Legislative gridlock has sidetracked efforts not only to address pension needs but also to achieve fiscal balance, allowing a backlog of bills to approach $15 billion, or about 40% of the state’s operating budget. During the past year of fruitless negotiations and partisan wrangling, fundamental credit challenges have intensified enough to warrant a downgrade, regardless of whether a fiscal compromise is reached in an extended session. As the regular legislative session elapsed, political barriers to progress appeared to harden, indicating both the severity of the state’s challenges and the political difficulty of advocating their solutions. Extending the impasse, and the state’s embedded operating deficit of at least $5 billion (or 15% of general fund revenue) would signal further pressure on the state’s credit position. But the state’s credit could stabilize at the current level in the event of a political consensus that more closely aligns revenues and spending, without relying on unsustainable fiscal measures.
The downgrade to Baa3 for Illinois’ GO bonds is consistent with the state’s intensifying pressure from pension liabilities; by our calculation, the state’s unfunded pension liability (Moody’s adjusted net pension liability, or ANPL) for its five major plans in aggregate grew 25% in the year ended June 30, 2016, to $251 billion. The current rating also acknowledges intrinsic credit strengths, primarily the state’s sovereign powers over revenue and spending; a diverse and strong economic base with the long-term economic potential to provide for its liabilities, and statutory protections for bondholders, primarily requirements for monthly transfers in advance of semiannual debt service payment dates. During the past decade, the state’s governance framework has allowed practices that greatly offset these strengths. After eight downgrades in as many years, Illinois’ rating is an outlier among states, most of which are rated at least eight notches higher. The rating on the Build Illinois sales-tax revenue bonds is capped at the GO rating because of lack of sufficient segregation of pledged revenues from the state’s operating needs. The Met Pier and Civic Center program bonds are both rated a notch below the state GO bonds, because of the need for annual legislative appropriation of payments.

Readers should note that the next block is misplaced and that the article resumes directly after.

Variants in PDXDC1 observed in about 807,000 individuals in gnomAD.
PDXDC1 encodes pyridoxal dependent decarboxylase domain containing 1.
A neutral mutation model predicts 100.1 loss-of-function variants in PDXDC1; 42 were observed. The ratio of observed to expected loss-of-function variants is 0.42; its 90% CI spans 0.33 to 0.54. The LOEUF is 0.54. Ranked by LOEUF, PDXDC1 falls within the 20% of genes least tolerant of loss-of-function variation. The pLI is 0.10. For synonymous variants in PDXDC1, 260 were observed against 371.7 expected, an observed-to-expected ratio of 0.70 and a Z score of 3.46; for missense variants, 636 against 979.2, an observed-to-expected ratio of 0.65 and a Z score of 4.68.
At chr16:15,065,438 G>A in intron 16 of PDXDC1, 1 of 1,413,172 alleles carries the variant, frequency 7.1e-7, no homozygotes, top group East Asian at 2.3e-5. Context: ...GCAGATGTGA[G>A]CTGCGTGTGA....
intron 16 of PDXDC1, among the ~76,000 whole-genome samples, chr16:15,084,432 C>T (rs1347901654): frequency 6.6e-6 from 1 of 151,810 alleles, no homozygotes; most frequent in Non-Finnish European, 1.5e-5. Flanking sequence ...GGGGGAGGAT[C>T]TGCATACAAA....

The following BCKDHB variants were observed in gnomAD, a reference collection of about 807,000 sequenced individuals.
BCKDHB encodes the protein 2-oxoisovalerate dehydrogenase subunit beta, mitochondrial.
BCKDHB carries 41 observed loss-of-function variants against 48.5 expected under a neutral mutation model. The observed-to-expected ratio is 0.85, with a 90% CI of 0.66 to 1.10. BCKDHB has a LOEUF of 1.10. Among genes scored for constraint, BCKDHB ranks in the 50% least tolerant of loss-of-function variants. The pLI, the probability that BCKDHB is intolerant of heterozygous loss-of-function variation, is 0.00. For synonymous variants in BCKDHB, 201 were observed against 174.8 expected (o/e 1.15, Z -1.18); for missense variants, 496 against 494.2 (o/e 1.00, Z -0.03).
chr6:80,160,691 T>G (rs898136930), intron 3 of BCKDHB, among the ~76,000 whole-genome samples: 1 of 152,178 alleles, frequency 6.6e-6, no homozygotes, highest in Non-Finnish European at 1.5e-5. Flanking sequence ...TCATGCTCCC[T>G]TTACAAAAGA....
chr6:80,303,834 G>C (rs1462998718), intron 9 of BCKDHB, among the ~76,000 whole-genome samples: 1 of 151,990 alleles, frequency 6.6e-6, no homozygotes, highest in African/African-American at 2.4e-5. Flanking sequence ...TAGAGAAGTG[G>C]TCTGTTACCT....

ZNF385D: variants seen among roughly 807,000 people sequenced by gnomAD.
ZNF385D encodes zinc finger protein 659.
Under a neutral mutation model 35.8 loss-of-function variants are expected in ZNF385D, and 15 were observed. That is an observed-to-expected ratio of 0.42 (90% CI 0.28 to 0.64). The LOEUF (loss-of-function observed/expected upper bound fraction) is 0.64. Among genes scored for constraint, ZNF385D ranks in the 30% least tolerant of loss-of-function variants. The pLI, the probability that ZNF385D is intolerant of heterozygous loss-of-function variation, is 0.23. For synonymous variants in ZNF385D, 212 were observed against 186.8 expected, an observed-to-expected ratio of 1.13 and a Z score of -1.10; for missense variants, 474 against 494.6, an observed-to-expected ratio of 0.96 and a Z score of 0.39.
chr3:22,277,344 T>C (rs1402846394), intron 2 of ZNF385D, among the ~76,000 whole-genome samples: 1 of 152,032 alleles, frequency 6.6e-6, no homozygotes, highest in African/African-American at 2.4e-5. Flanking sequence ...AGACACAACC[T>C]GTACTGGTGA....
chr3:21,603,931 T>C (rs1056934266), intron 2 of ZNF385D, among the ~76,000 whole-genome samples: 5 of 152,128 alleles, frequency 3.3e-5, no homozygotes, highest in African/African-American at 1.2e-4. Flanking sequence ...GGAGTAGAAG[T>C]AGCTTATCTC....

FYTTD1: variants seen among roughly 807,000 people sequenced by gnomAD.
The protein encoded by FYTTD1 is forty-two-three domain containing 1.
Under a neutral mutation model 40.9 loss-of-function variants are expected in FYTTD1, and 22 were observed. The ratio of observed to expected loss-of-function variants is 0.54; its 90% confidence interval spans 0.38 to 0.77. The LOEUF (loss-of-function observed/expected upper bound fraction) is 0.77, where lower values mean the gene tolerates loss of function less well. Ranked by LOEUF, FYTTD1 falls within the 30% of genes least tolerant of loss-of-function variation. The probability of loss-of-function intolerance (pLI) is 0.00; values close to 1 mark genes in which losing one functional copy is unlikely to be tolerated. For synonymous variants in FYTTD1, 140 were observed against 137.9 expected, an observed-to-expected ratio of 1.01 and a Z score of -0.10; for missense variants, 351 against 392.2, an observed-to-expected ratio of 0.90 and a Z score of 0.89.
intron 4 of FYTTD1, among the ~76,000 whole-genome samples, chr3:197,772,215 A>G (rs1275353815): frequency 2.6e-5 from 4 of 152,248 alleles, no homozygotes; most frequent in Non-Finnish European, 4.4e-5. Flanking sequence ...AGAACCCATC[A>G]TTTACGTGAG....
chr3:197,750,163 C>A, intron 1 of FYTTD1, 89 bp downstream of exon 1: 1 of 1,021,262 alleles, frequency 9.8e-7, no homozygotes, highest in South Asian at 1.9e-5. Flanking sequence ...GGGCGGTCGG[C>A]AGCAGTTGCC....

The state’s negative outlook is consistent with its potential for additional credit weakening because of a continuing political impasse that has left Illinois increasingly vulnerable to adverse revenue trends and severely underfunded retiree benefit plans.
Factors that Could Lead to an Upgrade
Implementation of a realistic plan to provide long-term funding for pension obligations
Progress in reducing payment backlog and adoption of legal framework to prevent renewed build-up of unpaid bills
Enactment of recurring fiscal measures that support expectation of sustainable, structural balance
Factors that Could Lead to a Downgrade
Continued increases in unfunded pension liabilities and indications of unwillingness to allocate sufficient resources to retiree benefits
Persistent and growing structural imbalance that pressures liquidity and increases payment backlog or bonded debt burden
Court rulings that increase the volume of payment obligations that are legally prioritized
Difficulty managing impact of any other adverse negative events, such as an unexpected economic downturn or reduction of federal Medicaid funding
Failure to enact legislation providing for timely payment of subject-to-appropriation debt
* Let’s revisit…
The governor said negotiations stalled over term limits, local government consolidation, workers’ compensation and a property tax freeze.
None of which were mentioned by Moody’s, of course.